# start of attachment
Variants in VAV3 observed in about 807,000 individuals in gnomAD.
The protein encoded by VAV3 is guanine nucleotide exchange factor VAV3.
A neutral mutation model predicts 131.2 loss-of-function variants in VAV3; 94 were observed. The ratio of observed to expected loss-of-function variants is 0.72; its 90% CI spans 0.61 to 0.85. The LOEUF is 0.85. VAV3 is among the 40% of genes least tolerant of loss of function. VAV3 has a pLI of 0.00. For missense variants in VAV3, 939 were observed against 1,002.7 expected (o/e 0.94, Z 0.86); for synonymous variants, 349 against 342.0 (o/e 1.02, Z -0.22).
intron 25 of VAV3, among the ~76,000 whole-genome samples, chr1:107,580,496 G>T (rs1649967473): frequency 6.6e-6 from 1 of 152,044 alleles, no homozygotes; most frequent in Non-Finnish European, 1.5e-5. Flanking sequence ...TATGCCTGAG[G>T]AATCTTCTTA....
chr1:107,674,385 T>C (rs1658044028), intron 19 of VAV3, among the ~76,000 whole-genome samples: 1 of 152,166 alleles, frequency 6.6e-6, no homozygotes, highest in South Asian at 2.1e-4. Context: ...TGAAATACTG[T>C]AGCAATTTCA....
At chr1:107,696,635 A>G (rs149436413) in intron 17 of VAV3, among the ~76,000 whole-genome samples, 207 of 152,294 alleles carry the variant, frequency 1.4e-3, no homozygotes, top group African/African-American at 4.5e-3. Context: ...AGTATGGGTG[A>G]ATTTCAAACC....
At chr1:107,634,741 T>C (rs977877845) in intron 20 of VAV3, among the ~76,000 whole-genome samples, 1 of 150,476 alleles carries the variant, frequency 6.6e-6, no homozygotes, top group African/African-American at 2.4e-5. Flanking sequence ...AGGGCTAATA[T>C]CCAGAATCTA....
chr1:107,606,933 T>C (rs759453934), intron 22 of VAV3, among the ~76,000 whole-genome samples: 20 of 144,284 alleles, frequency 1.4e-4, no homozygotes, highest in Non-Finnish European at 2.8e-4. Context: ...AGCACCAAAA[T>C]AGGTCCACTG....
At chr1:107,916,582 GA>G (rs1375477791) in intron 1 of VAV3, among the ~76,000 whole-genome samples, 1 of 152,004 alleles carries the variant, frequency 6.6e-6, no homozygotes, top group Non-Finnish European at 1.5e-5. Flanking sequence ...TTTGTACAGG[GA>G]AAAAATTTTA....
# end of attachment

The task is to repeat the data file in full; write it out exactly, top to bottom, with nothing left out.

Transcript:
Variants in VAV3 observed in about 807,000 individuals in gnomAD.
The protein encoded by VAV3 is guanine nucleotide exchange factor VAV3.
A neutral mutation model predicts 131.2 loss-of-function variants in VAV3; 94 were observed. The ratio of observed to expected loss-of-function variants is 0.72; its 90% CI spans 0.61 to 0.85. The LOEUF is 0.85. VAV3 is among the 40% of genes least tolerant of loss of function. VAV3 has a pLI of 0.00. For missense variants in VAV3, 939 were observed against 1,002.7 expected (o/e 0.94, Z 0.86); for synonymous variants, 349 against 342.0 (o/e 1.02, Z -0.22).
intron 25 of VAV3, among the ~76,000 whole-genome samples, chr1:107,580,496 G>T (rs1649967473): frequency 6.6e-6 from 1 of 152,044 alleles, no homozygotes; most frequent in Non-Finnish European, 1.5e-5. Flanking sequence ...TATGCCTGAG[G>T]AATCTTCTTA....
chr1:107,674,385 T>C (rs1658044028), intron 19 of VAV3, among the ~76,000 whole-genome samples: 1 of 152,166 alleles, frequency 6.6e-6, no homozygotes, highest in South Asian at 2.1e-4. Context: ...TGAAATACTG[T>C]AGCAATTTCA....
At chr1:107,696,635 A>G (rs149436413) in intron 17 of VAV3, among the ~76,000 whole-genome samples, 207 of 152,294 alleles carry the variant, frequency 1.4e-3, no homozygotes, top group African/African-American at 4.5e-3. Context: ...AGTATGGGTG[A>G]ATTTCAAACC....
At chr1:107,634,741 T>C (rs977877845) in intron 20 of VAV3, among the ~76,000 whole-genome samples, 1 of 150,476 alleles carries the variant, frequency 6.6e-6, no homozygotes, top group African/African-American at 2.4e-5. Flanking sequence ...AGGGCTAATA[T>C]CCAGAATCTA....
chr1:107,606,933 T>C (rs759453934), intron 22 of VAV3, among the ~76,000 whole-genome samples: 20 of 144,284 alleles, frequency 1.4e-4, no homozygotes, highest in Non-Finnish European at 2.8e-4. Context: ...AGCACCAAAA[T>C]AGGTCCACTG....
At chr1:107,916,582 GA>G (rs1375477791) in intron 1 of VAV3, among the ~76,000 whole-genome samples, 1 of 152,004 alleles carries the variant, frequency 6.6e-6, no homozygotes, top group Non-Finnish European at 1.5e-5. Flanking sequence ...TTTGTACAGG[GA>G]AAAAATTTTA....